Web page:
Letting Beauty In

Beauty comes in many forms. Obviously, my form is not one of those, but that’s a little beside the point.

I have been blessed to experience beauty in literally thousands of manifestations, not the least of which are Hotness’ smile and generous laugh.

But what really do we mean by beauty? Do we mean something that is aesthetically pleasing to one or more of the senses? Would my Mediterranean Shrimp and Angel Hair be, thus, a thing of beauty?

What about something that pleases the soul?

What do you mean when you say something is beautiful? Would you call the soundtrack to The Mission beautiful? How about mountains on a crisp, winter morning when a halo of light and cloud clings to them? Is a child’s laughter a thing of beauty to you?

All this to say that I feel like we as humans, as children of a Divine Father, ought to make deliberate efforts to refine our ability to recognize beauty and allow it into our souls. This thought was prompted by a fellow I know saying that he feels empty, despite having a family he loves and enjoys.

He doesn’t read fiction; refuses to. He doesn’t like theater. He will see movies and likes music. He reads poetry sometimes.

My feeling, and I like and respect this fellow and hope I’m not reflecting negatively on him, was that he was cutting himself off from beauty too much. I wondered if he noticed the beauty around him, absorbed the beauty that waits in a moment when you sit with a child as he or she riffs on a picture book.

Since then, I’ve been thinking about beauty. I thought about Marcus Zusak’s The Book Thief and how there are moments of startlingly beautiful prose, so unexpected and fresh, that I wept. I considered the moment in Merchant of Venice, the one we saw the RSC do in London, when Portia is doing her best to deny Shylock his pound of flesh. The actress in that role did such a perfect job that I was transported and felt the frustration, tension, anger and pending grief that Portia would feel in that moment.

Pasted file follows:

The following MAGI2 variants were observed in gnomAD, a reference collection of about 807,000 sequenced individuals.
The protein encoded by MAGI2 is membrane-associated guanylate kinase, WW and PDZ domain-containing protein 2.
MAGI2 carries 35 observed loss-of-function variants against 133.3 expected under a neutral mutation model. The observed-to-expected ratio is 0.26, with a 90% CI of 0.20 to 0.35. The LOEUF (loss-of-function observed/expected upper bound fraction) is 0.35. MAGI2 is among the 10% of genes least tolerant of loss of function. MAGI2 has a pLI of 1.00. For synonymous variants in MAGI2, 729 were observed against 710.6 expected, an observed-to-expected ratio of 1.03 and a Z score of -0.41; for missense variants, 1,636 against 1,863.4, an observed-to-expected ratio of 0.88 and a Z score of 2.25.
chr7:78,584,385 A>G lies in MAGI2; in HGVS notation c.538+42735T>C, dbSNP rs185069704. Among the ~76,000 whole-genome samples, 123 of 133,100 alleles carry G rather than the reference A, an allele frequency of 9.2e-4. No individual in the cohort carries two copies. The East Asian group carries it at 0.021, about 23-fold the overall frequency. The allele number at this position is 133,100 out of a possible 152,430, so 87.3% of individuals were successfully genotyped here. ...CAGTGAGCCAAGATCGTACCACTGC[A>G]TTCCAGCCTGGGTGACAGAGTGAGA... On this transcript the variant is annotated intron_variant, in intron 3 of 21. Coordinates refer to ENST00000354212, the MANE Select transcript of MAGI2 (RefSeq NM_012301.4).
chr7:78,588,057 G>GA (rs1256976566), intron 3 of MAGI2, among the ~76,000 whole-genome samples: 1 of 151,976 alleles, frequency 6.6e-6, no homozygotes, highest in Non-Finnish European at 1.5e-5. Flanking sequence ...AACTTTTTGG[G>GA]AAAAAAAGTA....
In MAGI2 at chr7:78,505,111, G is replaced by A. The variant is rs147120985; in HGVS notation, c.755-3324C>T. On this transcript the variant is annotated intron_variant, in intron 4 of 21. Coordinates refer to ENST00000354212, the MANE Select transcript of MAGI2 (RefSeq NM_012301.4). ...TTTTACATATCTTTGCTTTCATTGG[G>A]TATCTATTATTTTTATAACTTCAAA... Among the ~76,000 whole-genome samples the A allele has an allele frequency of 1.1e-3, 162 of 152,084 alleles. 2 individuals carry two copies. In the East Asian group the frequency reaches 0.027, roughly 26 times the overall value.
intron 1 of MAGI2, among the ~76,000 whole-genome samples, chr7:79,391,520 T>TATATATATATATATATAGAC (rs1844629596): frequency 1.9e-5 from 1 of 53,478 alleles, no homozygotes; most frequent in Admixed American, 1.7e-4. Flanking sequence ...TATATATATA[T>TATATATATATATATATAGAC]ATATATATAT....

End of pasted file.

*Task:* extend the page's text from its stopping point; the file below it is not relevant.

I remembered kneeling across an altar in the temple where I had been so startled by pure beauty that the Spirit had a perfectly clear channel to teach me an important lesson.

I remembered leaving an exhibit room in the Louvre and heading across a wide landing to go downstairs, then turning and seeing Winged Victory. I stood dumbfounded and moved by the emotion evoked by that angelic and mighty figure.

And I think about winter mornings spent walking from my home to work, taking in the moments as the sun’s light behind the mountains made the mountains glimmer and step forward. I think about books I’ve read recently that have moved me. I consider Bridge to Terabithia, my favorite book, and how beautifully it unfolds and tells a story of friendship, family, love and grief.

I remember Armando, Irani, Aline and Victor, a family in Brazil that I was blessed to meet and bring to the Kingdom. Then Marta, Moises and Fernando. The vision of them in white; the smiles on their faces as they came out of the water.

As I list all of those experience with beauty, I realize that what they have in common is that they propel me beyond myself. They break the bonds of my normal, earth-bound perceptions and I feel something greater than myself. I feel impelled to become more and better and the joy of the experience persists for a long time afterward.

Beauty exists on this earth and in our experience because it directs so much of our attention and focus to something beyond and something greater. Beauty elevates.

This is why I think we should make the effort to deliberately notice beauty and allow it to work in us. Also, letting beauty in means more than just noticing it. I think we should seek it out. And we need to recognize that beauty comes in all kinds of forms: music, film, prose, humanity, the natural world, and even food!

I would also submit that beauty that is perceived after seeing flaws and changing one’s perceptions is a deeper and more appreciated beauty.

What’s the most beautiful thing you’ve ever seen? Heard? Tasted? Experienced?

About jaredgarrett

Jared Garrett is the author of Beat, a YA scifi thriller, and its forthcoming sequel, both published by Future House Publishing. A new series, debuting in January 2016 and also published by Future House, kicks off with Lakhoni, a fast-paced rescue adventure in a world reminiscent of Aztec culture, to be released in January 2016. He self-published Beyond the Cabin, a novelization of his childhood in a cult, in December 2014. Both Beat and Beyond the Cabin were Whitney Award nominees, and his story Song of the Wind, received honorable mention in the Writers of the Future contest. In addition to writing, he's spent fifteen years in adult education and is an accomplished public speaker and workshop leader.
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